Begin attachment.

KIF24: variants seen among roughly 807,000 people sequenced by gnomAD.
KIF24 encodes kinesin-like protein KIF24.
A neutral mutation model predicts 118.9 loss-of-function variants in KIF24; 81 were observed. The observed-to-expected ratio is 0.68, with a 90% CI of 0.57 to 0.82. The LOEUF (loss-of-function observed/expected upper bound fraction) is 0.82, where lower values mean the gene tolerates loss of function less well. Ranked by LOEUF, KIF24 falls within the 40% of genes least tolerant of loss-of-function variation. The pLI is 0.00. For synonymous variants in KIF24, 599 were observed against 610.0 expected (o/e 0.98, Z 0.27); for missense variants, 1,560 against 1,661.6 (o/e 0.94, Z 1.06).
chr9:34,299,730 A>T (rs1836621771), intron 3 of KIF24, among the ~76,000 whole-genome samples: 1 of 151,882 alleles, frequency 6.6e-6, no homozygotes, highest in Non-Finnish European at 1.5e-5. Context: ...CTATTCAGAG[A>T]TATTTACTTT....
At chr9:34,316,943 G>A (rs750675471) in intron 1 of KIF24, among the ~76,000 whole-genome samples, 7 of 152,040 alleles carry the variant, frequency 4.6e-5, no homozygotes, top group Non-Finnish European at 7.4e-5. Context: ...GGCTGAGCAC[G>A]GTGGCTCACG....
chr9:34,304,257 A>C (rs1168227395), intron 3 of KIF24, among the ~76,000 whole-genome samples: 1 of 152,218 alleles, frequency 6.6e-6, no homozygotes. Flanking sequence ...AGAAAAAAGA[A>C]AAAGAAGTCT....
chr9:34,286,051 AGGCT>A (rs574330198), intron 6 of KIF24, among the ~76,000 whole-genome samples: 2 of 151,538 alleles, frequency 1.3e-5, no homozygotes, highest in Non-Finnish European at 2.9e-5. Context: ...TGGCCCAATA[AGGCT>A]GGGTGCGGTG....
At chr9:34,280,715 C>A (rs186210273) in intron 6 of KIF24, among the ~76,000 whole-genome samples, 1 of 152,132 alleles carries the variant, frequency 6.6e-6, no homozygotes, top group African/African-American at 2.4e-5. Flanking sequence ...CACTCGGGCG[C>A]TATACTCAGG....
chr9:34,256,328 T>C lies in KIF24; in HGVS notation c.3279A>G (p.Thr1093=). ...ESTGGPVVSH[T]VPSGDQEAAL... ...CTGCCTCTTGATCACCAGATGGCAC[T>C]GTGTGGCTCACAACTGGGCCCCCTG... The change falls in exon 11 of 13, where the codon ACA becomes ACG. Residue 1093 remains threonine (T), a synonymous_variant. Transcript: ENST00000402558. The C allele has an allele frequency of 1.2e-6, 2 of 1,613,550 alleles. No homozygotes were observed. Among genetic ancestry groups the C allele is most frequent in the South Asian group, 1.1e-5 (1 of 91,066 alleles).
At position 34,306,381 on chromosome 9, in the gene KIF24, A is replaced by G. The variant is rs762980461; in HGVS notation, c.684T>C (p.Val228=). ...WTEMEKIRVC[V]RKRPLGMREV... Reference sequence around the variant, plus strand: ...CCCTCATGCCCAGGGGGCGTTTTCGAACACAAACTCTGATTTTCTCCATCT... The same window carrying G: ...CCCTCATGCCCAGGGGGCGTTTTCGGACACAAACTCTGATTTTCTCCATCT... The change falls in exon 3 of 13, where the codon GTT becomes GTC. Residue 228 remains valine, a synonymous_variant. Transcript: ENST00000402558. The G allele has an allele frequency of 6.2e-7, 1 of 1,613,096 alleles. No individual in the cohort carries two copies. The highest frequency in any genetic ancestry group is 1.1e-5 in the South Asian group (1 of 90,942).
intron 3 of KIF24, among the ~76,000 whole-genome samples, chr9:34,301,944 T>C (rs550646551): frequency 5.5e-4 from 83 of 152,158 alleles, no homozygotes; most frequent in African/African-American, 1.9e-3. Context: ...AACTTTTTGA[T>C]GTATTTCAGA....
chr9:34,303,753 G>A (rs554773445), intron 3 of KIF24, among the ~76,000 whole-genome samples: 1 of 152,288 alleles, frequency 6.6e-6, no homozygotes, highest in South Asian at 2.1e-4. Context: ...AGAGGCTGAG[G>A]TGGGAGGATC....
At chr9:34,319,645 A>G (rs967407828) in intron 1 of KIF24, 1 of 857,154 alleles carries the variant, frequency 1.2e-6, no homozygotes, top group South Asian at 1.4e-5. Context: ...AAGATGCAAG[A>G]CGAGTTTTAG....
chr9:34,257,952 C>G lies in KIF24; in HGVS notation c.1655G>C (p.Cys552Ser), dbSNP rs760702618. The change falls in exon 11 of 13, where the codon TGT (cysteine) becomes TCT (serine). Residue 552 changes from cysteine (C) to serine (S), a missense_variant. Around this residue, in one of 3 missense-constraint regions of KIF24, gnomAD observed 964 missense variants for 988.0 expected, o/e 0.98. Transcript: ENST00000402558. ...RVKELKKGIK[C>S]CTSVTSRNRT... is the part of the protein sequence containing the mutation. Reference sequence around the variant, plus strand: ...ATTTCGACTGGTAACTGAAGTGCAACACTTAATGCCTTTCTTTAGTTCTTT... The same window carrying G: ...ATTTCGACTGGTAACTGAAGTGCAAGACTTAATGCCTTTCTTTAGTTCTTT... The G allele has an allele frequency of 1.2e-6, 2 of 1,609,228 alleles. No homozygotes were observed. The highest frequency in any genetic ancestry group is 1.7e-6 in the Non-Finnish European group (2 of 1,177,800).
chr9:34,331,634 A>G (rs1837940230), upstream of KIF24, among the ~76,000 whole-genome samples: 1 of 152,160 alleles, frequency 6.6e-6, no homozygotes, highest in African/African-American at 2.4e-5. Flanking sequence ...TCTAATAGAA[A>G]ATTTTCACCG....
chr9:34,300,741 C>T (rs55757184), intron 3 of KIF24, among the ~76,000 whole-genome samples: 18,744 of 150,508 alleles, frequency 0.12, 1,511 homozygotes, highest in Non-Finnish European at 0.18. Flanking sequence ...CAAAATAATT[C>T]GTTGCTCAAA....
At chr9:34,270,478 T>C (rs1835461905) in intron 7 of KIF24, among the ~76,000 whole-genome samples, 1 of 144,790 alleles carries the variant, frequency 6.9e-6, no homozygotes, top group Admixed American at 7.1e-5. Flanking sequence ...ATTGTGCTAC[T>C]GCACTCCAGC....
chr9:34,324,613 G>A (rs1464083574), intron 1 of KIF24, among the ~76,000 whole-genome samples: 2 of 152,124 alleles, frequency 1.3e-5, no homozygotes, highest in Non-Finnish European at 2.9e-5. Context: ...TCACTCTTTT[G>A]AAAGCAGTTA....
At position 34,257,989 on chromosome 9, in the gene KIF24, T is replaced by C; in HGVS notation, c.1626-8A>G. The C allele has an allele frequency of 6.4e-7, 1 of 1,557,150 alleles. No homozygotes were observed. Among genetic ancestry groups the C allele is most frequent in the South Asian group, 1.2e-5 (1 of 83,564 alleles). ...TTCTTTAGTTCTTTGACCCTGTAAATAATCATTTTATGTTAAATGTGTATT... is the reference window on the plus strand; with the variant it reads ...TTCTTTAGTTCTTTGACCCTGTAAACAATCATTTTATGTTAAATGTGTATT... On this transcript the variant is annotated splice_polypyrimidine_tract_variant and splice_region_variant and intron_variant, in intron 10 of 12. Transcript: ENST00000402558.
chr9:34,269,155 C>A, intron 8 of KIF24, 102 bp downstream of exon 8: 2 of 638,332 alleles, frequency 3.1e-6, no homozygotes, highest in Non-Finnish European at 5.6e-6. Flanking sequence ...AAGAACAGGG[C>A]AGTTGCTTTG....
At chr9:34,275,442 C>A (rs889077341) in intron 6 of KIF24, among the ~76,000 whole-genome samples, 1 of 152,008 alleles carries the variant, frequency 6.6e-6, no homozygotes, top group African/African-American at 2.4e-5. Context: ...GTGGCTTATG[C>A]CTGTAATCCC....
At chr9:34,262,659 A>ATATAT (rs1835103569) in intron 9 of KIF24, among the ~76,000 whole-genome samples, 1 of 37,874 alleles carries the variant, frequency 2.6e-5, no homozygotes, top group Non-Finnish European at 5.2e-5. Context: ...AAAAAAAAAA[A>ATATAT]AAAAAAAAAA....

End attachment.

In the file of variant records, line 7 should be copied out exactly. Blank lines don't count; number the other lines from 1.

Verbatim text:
chr9:34,286,051 AGGCT>A (rs574330198), intron 6 of KIF24, among the ~76,000 whole-genome samples: 2 of 151,538 alleles, frequency 1.3e-5, no homozygotes, highest in Non-Finnish European at 2.9e-5. Context: ...TGGCCCAATA[AGGCT>A]GGGTGCGGTG....